The Game Awards for this year are out. The Game Awards are an interesting thing. I don’t pay attention the Emmys or the Golden Globes, so its weird to have an awards show I’m invested in.
The categories break down about the way you’d expect. There’s obviously Game of the Year, which doesn’t sound too special when you remember there are two hundred gaming websites willing to call anything “Game of the Year.”
Then there are the types of categories that fit under ‘story’ and ‘production.’ The first one covers best direction, best narrative, and best performance while the second one includes things like art direction, score, and audio design.
Best Direction is an interesting one because it’s more than just the direction of the visuals and performances; it includes the game’s overall vision. On a scale of Minecraft clone to Hotline Miami, how original are the game’s mechanics, tone, and themes?
With the exceptions of A Way Out and Detroit: Become Human, nominees for Direction are all sequels, so maybe “original” isn’t the right word. Execution is a factor. After years of lackluster Spider-Man games, Marvel’s Spider-Man is included because while we’ve known how to make a good Spider-Man game since 2004, we just waited 14 years to do it.
Then the awards are broken down by genre or platform. VR/AR and mobile games each get their own categories. There’s too many genres for me to list all of them, but the categories are comprehensive.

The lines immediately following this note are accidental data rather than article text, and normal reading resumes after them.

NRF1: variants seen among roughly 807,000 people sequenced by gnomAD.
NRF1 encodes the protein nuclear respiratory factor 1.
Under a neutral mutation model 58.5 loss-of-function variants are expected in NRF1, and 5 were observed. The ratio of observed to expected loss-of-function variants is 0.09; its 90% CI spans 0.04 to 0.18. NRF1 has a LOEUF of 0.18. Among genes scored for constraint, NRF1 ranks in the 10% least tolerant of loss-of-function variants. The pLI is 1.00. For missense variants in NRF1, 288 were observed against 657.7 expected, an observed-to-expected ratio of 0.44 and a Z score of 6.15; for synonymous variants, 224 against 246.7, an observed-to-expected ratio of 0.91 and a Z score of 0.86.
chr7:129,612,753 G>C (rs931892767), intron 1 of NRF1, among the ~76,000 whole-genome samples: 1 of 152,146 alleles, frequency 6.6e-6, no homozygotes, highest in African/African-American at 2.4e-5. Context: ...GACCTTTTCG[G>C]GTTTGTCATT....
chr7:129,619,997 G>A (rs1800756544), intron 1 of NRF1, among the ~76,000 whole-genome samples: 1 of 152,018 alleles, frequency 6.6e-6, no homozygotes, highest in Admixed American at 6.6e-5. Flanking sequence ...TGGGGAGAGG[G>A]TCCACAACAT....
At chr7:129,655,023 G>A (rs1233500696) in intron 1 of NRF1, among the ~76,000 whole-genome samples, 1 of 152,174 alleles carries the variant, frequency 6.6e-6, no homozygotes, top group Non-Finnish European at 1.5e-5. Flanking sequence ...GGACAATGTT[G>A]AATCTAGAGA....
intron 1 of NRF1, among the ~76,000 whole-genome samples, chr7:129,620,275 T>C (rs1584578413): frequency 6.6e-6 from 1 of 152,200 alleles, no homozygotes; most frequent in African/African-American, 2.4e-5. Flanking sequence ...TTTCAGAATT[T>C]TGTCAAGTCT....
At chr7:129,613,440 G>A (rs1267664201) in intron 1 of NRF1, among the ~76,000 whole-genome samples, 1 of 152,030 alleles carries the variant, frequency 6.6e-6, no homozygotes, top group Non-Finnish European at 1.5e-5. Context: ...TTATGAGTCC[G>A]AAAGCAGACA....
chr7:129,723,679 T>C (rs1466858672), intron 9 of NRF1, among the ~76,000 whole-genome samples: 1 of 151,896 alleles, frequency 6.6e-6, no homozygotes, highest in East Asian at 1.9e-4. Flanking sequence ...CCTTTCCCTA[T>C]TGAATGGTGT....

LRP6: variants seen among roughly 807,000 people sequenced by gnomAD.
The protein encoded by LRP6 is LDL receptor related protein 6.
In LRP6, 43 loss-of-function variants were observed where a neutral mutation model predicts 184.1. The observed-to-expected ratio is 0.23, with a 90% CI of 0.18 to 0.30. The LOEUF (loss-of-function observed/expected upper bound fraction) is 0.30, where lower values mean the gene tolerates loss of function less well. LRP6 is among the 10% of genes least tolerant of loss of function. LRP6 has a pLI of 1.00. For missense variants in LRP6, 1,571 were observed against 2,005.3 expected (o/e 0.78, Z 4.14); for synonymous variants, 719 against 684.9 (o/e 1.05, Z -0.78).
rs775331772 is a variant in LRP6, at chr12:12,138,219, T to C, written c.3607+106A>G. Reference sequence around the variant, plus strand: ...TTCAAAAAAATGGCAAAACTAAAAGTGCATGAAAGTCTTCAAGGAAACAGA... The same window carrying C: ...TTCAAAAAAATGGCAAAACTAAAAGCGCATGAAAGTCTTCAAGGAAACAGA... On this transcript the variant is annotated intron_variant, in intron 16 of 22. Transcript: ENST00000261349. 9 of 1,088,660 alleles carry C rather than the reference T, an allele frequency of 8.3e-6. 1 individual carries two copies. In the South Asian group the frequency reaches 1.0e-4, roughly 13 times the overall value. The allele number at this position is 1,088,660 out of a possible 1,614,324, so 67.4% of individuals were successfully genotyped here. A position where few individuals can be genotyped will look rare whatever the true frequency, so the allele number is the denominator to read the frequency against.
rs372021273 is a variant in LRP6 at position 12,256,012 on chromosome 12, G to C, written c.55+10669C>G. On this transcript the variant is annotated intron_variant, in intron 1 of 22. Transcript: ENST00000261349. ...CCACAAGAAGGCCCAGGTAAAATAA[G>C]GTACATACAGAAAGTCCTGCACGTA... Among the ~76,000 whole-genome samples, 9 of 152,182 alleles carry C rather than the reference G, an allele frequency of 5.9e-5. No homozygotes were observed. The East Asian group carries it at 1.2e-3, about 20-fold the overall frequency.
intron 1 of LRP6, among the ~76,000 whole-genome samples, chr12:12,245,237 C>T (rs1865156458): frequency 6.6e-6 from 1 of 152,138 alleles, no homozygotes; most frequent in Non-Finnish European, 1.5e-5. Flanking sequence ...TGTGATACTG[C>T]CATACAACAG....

I’m not listing nominees or my faves because you can get that shit anywhere. That said, I’m hoping Battletech takes Best Strategy Game because it was far more solid than I expected and I trash talked it a lot.
There are also publisher categories which reward indie studios, indie debuts, and games produced by high school or college developers. That’s a relief because the board of The Game Awards is a list of top-tier video game companies. Ubisoft, Microsoft, and Steam are a representation of the types of companies whose members sent on TGA’s board. Steam and AMD seem like a minority share of the board and the only ones who’d lobby to support independent games and I’m glad they’re doing it.
There’s also community awards and ongoing game awards, which are there solely to reward YouTubers and No Man’s Sky. It’s reasonable to recognize YouTubers like Ninja, but I feel like there should be a distinction between something like No Man’s Sky—which did not release the game they said they would and finally released that game years later—and whatever Overwatch and Destiny 2 are doing to earn the title of ‘ongoing’ games.
Do lootboxes count as “ongoing content that evolves the player experience over time”? Wait. Is this whole award ironic?
The last broad category is esports, which I know nothing about. I might look up some of the best esports moments of the year because I’m sure they’re exciting, but it’s a whole other world that I don’t know anything about. If you do, let me know.
The game awards will be December 6th and you can vote by registering on their website or by Twitter, Facebook, Discord, or even some of those fancy in-home voice assistants.